Toronto and Montvale, N.J.—Renewed concentration on R&D, a dramatic increase in partnering and visibility across the supply chain and the explosion of technology and the data that comes with it will define global manufacturing for the next several years, according to the latest research from accounting and tax advisory firm, KPMG.
Yes, the volatility will continue. Yes, you must deploy more sophisticated strategies and tools to compete. But KPMG’s 2013 Global Manufacturing Outlook predicts companies that navigate this course well will drive growth and contribute to our nascent “manufacturing renaissance.”
KPMG hired the Economist Intelligence Unit to survey 335 senior manufacturing executives in November, 2012. Respondants included C-level and board members from companies making more than $500 million in aerospace and defence, automotive, engineering and industrial products, metals and conglomerates. Nearly 30 per cent of these companies posted more than $5 billion in annual revenues with 90 per cent coming from North America, western Europe and Asia-Pacific.
Key findings from the 2013 report include:
- Nearly a third plan mergers or acquisitions to capitalize on new markets. For companies posting more than $5 billion in revenues, this rises to almost 50 per cent.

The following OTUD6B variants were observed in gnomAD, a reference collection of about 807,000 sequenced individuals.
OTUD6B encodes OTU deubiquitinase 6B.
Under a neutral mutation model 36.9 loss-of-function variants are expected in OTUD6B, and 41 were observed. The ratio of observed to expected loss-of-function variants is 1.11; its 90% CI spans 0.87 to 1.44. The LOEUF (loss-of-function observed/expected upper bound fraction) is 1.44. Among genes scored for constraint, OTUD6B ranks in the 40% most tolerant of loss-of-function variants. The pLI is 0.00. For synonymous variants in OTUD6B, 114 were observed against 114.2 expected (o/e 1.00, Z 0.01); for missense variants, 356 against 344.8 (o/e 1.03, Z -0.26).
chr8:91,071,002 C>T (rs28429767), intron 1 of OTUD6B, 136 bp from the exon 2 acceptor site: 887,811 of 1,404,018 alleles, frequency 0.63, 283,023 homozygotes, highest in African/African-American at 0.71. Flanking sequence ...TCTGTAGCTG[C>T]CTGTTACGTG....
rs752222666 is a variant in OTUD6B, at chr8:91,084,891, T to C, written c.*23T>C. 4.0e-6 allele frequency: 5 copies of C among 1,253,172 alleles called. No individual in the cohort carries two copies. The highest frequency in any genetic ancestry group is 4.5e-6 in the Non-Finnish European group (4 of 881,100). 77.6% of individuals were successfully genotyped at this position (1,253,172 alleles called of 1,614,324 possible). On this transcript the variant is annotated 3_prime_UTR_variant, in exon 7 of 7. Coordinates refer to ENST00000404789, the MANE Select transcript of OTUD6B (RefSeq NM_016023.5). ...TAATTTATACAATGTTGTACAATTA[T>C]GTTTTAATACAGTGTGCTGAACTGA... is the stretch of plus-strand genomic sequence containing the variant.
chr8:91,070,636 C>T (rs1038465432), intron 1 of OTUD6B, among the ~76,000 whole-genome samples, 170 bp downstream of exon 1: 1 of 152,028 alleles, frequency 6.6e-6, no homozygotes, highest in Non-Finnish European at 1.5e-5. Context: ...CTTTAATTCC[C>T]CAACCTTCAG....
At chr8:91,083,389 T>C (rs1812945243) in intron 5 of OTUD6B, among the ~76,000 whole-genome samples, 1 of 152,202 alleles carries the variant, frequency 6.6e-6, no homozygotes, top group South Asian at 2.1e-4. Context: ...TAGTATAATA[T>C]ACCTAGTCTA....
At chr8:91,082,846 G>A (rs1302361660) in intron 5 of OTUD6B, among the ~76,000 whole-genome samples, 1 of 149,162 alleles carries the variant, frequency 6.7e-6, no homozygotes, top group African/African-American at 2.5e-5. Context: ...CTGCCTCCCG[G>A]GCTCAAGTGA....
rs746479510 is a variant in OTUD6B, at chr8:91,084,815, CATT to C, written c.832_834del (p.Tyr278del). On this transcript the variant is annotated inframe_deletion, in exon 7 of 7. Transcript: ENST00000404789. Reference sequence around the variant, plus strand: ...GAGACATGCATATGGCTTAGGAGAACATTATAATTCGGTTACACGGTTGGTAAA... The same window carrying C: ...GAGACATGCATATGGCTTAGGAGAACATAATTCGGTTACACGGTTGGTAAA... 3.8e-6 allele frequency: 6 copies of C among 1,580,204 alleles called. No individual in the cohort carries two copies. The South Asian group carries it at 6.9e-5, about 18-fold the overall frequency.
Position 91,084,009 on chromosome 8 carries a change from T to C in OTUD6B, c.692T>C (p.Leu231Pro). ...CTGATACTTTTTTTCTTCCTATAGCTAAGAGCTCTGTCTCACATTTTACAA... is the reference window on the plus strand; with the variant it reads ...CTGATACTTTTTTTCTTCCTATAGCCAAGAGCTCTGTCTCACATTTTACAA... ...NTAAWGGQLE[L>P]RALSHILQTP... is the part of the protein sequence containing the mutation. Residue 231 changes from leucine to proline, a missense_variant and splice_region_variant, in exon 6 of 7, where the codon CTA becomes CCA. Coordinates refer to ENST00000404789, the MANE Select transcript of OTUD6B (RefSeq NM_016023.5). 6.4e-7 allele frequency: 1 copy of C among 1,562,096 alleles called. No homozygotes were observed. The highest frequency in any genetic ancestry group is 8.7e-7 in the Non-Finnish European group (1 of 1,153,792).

- Four in 10 respondents plan to exit unprofitable, non-core product lines and unprofitable, non-core business units over the next two years.
- Companies of all sizes see closer working relationships between suppliers and other partners as critical to better respond to changes in the market. More effective and efficient collaboration enables firms to optimize inventory, logistics and operational costs.
- Many companies have a substantial opportunity to boost performance, agility, and resilience by improving visibility across their supply chain network. Nearly half of the companies say they lack visibility beyond their Tier 1 partners. Just nine per cent can assess the impact of supply chain disruptions within hours; although for the biggest companies this rises to 20 per cent.
- Many companies see suppliers as a source of ideas, not just of production and logistics. Half of the respondents say partnerships, rather than in-house efforts, will characterize the future of innovation.
- Investing in R&D and innovation remains a priority: 42 per cent expect their company to invest greater than four per cent of revenue in innovation over the next two years.
- Nearly a third of respondents whose firms are stepping up R&D say their company will invest in breakthrough innovation. The remaining two-thirds of respondents who see a resurgence of R&D activity are focused on incremental innovation—enhancing existing product lines and services. This number rises to 78 per cent among larger companies.